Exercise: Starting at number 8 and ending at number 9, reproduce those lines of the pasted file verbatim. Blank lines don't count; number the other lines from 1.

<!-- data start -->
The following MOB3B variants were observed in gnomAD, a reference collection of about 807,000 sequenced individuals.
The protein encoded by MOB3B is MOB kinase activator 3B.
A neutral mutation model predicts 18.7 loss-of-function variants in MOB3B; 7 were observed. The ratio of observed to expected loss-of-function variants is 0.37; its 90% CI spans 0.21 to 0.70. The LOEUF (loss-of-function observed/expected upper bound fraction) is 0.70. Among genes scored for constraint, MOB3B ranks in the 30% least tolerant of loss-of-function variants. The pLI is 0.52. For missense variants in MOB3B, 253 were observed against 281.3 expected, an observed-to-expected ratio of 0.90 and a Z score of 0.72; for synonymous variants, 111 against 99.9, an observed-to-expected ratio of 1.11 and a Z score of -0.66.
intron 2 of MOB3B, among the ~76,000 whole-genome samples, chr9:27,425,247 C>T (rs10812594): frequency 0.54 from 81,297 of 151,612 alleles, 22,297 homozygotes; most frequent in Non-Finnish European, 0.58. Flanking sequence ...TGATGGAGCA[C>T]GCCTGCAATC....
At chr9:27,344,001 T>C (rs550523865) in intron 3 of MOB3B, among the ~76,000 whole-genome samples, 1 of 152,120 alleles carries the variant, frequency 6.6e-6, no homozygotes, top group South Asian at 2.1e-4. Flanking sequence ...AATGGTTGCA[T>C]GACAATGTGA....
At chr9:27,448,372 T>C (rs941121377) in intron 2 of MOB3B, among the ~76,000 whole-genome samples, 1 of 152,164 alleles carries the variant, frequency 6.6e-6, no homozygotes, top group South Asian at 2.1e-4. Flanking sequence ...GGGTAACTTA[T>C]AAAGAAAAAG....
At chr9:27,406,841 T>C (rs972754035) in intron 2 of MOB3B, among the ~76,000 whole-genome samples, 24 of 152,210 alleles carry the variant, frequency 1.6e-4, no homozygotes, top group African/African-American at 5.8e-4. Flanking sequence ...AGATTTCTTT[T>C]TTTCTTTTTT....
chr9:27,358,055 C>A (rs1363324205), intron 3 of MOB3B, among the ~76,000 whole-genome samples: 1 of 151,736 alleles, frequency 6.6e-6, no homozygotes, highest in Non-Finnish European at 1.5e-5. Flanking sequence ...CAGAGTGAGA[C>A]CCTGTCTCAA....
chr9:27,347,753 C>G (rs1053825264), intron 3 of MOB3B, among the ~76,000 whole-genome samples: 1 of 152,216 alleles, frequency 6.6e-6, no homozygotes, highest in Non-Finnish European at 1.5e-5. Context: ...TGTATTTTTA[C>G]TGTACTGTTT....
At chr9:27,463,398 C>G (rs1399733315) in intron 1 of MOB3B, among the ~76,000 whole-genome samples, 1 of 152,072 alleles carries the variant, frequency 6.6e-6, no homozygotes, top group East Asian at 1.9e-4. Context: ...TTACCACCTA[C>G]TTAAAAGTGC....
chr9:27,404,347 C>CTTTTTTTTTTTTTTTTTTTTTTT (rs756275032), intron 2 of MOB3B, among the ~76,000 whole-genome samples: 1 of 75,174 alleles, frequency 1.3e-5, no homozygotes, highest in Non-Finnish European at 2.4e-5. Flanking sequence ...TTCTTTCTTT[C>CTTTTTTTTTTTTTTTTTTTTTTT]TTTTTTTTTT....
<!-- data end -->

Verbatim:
chr9:27,358,055 C>A (rs1363324205), intron 3 of MOB3B, among the ~76,000 whole-genome samples: 1 of 151,736 alleles, frequency 6.6e-6, no homozygotes, highest in Non-Finnish European at 1.5e-5. Flanking sequence ...CAGAGTGAGA[C>A]CCTGTCTCAA....
chr9:27,347,753 C>G (rs1053825264), intron 3 of MOB3B, among the ~76,000 whole-genome samples: 1 of 152,216 alleles, frequency 6.6e-6, no homozygotes, highest in Non-Finnish European at 1.5e-5. Context: ...TGTATTTTTA[C>G]TGTACTGTTT....